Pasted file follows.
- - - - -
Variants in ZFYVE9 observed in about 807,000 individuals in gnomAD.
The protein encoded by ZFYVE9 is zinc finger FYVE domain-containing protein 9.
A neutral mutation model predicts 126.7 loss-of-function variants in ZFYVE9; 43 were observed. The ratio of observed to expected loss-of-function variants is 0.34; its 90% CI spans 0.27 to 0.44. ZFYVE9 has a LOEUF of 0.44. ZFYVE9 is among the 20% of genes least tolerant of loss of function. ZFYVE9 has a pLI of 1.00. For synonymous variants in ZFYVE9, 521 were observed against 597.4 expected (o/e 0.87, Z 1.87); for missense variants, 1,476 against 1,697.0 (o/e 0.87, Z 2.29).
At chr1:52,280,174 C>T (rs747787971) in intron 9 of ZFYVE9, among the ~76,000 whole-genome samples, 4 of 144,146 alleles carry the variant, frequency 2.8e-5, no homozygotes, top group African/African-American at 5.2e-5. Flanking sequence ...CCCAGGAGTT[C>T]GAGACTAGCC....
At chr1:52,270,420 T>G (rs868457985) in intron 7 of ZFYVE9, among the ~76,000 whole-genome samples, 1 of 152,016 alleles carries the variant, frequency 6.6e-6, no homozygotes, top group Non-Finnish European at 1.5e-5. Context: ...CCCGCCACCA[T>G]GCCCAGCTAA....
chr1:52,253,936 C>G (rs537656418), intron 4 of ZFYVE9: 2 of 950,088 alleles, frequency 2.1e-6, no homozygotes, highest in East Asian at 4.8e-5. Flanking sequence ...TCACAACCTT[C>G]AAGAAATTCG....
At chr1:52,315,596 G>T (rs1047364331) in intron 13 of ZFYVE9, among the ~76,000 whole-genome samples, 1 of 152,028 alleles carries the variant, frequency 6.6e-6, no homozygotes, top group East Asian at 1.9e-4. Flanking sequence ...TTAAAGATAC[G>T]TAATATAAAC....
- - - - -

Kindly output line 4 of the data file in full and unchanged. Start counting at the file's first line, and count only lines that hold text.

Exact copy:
At chr1:52,280,174 C>T (rs747787971) in intron 9 of ZFYVE9, among the ~76,000 whole-genome samples, 4 of 144,146 alleles carry the variant, frequency 2.8e-5, no homozygotes, top group African/African-American at 5.2e-5. Flanking sequence ...CCCAGGAGTT[C>T]GAGACTAGCC....